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Fiberglass and Composite Repair Tips


Composites have numerous advantages over conventional building materials, including ease and durability of repair. However, damaged parts are often replaced simply because many individuals lack the knowledge to repair them or are intimidated by the prospect of fixing them. This brochure describes in detail the modern repair techniques necessary to restore the function to damaged composite parts. It is divided into two sections, so both structural and cosmetic repairs can be covered thoroughly.

The techniques described will work for any fiberglass structure and many "advanced" composites of Kevlar or carbon fiber. Please realize that specialized procedures beyond those described here may be necessary with certain parts. Manufacturers of structural parts often publish detailed repair information specific to their parts. The manufacturer's instructions supersede all other information, and should be followed completely. Most of the time, the information is more specific and does not contradict the standard repair procedures as outlined here. When the suggestions in this pamphlet are executed well, strong repairs will result.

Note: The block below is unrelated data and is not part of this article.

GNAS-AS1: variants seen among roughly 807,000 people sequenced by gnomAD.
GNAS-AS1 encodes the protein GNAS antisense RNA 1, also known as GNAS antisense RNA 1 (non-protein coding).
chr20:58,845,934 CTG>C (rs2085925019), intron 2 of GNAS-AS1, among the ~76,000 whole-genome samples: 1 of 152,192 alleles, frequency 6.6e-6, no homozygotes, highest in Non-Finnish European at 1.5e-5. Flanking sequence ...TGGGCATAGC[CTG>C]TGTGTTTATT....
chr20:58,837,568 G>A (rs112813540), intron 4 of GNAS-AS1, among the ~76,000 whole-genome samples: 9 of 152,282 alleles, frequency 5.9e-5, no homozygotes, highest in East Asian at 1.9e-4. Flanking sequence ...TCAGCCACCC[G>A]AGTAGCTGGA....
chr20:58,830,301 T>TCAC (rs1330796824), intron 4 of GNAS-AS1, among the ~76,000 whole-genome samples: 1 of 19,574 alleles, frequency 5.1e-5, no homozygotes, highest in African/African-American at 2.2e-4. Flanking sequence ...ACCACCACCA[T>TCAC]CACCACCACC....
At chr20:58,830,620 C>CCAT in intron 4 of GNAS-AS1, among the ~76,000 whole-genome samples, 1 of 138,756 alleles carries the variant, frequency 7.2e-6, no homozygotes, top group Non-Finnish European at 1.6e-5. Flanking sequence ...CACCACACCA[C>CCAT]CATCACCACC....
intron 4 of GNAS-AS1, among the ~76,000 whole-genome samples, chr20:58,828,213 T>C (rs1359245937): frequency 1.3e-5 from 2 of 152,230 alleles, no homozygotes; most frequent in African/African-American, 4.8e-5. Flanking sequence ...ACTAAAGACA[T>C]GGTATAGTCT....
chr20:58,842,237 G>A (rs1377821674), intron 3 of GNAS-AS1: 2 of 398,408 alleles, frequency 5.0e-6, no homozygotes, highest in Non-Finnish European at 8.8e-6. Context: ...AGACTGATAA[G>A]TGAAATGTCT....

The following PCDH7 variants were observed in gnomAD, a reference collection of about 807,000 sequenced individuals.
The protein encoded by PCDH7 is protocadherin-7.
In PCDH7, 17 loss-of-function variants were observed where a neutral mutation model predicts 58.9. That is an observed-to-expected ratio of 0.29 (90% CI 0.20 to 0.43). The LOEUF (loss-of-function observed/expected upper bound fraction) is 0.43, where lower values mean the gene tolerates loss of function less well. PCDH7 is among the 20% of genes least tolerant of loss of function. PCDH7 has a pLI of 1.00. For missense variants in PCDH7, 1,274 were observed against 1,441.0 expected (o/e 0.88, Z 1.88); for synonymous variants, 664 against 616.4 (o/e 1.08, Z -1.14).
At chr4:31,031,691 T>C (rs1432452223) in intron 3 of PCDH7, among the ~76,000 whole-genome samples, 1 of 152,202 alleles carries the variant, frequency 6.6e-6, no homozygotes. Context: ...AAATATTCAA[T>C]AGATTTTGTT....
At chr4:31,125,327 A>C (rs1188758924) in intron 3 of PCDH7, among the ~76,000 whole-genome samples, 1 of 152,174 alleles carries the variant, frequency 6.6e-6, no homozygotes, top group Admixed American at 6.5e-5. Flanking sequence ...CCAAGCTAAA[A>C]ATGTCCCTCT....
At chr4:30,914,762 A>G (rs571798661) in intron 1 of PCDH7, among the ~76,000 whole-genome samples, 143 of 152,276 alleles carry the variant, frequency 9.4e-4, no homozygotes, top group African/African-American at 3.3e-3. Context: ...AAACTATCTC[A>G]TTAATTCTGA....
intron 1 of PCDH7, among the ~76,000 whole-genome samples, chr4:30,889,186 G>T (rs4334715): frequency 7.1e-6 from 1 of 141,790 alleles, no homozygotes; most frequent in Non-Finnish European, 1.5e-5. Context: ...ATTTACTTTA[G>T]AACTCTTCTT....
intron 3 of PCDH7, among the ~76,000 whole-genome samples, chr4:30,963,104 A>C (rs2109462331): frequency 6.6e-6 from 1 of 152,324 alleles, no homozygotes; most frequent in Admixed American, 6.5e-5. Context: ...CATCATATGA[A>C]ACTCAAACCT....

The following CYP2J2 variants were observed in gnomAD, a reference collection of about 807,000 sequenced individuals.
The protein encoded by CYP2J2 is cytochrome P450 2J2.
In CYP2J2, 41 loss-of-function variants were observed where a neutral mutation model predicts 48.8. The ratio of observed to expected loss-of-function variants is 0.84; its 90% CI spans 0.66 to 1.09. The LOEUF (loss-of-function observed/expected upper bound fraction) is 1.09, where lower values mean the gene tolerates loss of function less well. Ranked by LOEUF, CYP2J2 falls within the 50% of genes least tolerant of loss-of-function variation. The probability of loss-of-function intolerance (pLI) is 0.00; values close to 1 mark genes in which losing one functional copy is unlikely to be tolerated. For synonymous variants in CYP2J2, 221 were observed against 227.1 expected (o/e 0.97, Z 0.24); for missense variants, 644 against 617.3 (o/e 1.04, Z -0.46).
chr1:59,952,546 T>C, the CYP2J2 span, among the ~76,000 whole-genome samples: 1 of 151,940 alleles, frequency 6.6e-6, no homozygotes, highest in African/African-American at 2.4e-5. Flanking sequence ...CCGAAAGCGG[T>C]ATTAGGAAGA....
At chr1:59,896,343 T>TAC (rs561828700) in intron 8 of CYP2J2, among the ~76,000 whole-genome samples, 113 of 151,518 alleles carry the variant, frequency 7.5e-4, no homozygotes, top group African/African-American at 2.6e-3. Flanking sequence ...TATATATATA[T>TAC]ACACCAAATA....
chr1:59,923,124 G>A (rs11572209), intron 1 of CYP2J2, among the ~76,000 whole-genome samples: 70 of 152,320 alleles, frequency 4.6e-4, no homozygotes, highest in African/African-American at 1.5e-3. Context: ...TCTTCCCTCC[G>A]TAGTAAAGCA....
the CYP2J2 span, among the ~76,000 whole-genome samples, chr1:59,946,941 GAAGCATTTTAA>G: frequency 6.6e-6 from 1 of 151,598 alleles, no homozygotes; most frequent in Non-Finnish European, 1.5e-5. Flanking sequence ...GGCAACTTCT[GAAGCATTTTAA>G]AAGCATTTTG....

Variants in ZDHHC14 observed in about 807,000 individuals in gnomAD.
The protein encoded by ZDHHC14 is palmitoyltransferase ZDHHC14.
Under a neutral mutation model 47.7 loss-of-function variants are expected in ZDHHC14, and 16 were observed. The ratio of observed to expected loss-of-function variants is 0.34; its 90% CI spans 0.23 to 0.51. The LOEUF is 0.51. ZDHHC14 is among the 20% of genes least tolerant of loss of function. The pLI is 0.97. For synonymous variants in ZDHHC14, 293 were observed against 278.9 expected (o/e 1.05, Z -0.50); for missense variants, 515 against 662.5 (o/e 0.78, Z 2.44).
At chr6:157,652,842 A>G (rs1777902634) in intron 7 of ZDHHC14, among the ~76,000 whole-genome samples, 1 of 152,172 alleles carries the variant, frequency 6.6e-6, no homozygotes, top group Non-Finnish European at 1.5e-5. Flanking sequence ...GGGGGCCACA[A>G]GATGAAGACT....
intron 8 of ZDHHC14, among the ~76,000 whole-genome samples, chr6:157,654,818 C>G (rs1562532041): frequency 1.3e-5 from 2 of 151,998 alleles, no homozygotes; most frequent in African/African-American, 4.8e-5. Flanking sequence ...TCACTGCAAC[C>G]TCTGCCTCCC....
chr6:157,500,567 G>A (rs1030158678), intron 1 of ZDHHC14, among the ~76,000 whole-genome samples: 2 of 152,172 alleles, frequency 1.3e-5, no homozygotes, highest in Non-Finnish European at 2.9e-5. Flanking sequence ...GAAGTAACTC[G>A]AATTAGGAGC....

Structural Repair

  1. The first step is to inspect the damage, identify the materials involved, and determine whether the part should be replaced or repaired.
  2. Damage to composite materials usually falls into four categories, but all can occur from a severe impact. Tears, holes or punctures, crushed cores, and delamination are the most common problems. To make reference quicker, use a marker to outline the boundary of the damage. Close inspection is necessary as the problem area often extends farther than can be easily detected visually. A coin tap test is an effective way to test the surrounding area. An audible difference is easy to detect between solid laminate and crushed material when tapped with the edge of a coin.

    Identification of the materials involved, especially the resin, can be more difficult. Begin by determining the type of fiber reinforcement used. This will often give clues as to the type of resin employed. Marine applications where chopped mat is most prevalent probably used general purpose polyester resin . Fabric based auto and industrial parts are generally made with either polyester or epoxy resin, so epoxy would be a safe repair choice. Carbon fiber and Kevlar parts can be repaired with either vinyl ester or epoxy resin.